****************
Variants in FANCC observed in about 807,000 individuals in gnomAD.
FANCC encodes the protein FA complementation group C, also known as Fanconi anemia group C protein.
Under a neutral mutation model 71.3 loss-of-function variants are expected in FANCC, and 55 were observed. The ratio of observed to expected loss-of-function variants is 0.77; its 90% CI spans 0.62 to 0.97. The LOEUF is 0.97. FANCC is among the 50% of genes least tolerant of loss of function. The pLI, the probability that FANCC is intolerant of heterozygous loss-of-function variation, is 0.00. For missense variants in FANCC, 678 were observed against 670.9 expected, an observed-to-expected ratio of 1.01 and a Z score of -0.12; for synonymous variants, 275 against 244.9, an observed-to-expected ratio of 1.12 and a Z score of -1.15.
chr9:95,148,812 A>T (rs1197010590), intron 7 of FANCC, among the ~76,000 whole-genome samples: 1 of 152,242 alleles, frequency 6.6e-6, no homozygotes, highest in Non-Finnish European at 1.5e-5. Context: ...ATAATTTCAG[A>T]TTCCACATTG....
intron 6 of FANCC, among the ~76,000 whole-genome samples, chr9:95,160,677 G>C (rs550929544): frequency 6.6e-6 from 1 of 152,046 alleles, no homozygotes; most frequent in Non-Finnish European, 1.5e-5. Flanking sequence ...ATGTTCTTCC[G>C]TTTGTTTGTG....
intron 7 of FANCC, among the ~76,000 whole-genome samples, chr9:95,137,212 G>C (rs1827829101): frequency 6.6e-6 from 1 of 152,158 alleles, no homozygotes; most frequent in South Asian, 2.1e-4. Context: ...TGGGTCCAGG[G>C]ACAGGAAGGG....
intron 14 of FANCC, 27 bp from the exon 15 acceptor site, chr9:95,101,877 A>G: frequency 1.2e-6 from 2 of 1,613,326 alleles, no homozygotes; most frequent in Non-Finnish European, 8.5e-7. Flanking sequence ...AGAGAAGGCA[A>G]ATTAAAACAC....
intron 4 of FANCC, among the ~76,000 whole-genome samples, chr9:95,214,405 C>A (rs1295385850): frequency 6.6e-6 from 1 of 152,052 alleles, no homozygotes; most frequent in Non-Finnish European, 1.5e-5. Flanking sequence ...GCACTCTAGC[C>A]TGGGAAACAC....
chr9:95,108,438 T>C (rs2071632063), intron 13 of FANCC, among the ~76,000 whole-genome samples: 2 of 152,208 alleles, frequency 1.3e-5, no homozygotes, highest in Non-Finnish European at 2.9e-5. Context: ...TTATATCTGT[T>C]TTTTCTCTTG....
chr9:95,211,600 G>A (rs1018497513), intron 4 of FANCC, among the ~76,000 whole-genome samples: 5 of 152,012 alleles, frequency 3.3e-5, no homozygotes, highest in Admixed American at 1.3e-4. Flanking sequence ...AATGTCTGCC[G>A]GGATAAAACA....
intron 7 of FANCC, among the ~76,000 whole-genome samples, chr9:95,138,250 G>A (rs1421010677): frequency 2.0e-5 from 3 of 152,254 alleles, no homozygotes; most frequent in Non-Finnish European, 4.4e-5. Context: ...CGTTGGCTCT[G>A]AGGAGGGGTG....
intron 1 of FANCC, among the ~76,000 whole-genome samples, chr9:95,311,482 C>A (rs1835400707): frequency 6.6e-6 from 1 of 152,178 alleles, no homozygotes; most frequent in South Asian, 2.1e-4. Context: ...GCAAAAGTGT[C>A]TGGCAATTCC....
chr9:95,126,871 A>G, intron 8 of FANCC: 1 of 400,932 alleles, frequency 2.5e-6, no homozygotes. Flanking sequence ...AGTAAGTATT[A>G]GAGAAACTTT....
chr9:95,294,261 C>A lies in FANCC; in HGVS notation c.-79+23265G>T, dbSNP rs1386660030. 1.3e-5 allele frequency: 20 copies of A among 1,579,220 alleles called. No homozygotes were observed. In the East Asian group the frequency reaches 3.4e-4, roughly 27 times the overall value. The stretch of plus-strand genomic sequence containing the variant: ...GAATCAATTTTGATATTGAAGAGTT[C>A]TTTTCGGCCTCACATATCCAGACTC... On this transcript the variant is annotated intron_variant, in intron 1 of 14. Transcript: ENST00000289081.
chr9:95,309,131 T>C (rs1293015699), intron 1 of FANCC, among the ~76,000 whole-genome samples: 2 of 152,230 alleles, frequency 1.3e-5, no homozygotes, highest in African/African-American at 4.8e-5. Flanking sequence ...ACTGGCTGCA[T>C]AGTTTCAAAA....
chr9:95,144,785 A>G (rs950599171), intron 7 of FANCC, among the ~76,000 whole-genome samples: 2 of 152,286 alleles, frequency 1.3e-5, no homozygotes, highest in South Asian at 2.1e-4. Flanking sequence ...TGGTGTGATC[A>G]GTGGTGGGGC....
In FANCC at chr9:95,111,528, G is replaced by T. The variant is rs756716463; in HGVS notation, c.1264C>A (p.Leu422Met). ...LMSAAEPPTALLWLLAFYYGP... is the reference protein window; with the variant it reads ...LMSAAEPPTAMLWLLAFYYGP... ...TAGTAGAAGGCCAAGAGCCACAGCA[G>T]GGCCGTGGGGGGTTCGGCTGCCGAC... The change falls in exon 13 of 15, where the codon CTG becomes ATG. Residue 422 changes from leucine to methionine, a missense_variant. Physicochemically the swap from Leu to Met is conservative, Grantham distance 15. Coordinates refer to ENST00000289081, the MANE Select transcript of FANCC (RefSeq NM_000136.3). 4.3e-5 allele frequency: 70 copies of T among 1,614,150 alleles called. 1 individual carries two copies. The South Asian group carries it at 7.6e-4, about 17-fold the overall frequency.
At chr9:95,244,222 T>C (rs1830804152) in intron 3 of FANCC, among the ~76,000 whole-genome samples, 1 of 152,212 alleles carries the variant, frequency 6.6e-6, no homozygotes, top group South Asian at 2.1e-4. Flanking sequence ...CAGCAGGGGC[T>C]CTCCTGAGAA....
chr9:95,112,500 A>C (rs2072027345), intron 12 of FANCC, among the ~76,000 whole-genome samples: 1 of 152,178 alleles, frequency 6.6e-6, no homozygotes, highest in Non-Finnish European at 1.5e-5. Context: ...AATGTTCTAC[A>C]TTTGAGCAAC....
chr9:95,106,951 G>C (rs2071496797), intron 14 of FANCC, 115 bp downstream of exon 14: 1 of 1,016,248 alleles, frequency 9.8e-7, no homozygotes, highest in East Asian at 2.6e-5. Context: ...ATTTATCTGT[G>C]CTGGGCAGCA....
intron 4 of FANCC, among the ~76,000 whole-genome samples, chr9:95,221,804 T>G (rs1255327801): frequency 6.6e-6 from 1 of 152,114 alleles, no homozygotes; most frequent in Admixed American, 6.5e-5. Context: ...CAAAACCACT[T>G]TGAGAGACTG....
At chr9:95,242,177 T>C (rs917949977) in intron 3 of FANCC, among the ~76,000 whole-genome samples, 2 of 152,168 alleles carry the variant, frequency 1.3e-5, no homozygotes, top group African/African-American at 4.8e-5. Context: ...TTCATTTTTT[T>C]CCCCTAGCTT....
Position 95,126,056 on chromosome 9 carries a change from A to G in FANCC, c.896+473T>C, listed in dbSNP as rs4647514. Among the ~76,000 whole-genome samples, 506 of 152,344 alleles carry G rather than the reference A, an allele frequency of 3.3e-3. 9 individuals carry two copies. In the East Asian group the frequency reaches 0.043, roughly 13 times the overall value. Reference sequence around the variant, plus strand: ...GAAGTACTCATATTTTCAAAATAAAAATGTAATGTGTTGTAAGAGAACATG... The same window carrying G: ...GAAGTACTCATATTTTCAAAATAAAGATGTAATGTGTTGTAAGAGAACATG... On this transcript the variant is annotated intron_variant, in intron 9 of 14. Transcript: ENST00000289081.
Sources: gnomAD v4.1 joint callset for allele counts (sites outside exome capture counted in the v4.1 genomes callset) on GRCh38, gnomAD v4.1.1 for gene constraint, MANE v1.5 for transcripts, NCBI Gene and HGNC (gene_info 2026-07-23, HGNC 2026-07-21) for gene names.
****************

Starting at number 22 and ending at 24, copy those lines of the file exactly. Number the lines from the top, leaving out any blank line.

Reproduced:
At chr9:95,242,177 T>C (rs917949977) in intron 3 of FANCC, among the ~76,000 whole-genome samples, 2 of 152,168 alleles carry the variant, frequency 1.3e-5, no homozygotes, top group African/African-American at 4.8e-5. Context: ...TTCATTTTTT[T>C]CCCCTAGCTT....
Position 95,126,056 on chromosome 9 carries a change from A to G in FANCC, c.896+473T>C, listed in dbSNP as rs4647514. Among the ~76,000 whole-genome samples, 506 of 152,344 alleles carry G rather than the reference A, an allele frequency of 3.3e-3. 9 individuals carry two copies. In the East Asian group the frequency reaches 0.043, roughly 13 times the overall value. Reference sequence around the variant, plus strand: ...GAAGTACTCATATTTTCAAAATAAAAATGTAATGTGTTGTAAGAGAACATG... The same window carrying G: ...GAAGTACTCATATTTTCAAAATAAAGATGTAATGTGTTGTAAGAGAACATG... On this transcript the variant is annotated intron_variant, in intron 9 of 14. Transcript: ENST00000289081.
Sources: gnomAD v4.1 joint callset for allele counts (sites outside exome capture counted in the v4.1 genomes callset) on GRCh38, gnomAD v4.1.1 for gene constraint, MANE v1.5 for transcripts, NCBI Gene and HGNC (gene_info 2026-07-23, HGNC 2026-07-21) for gene names.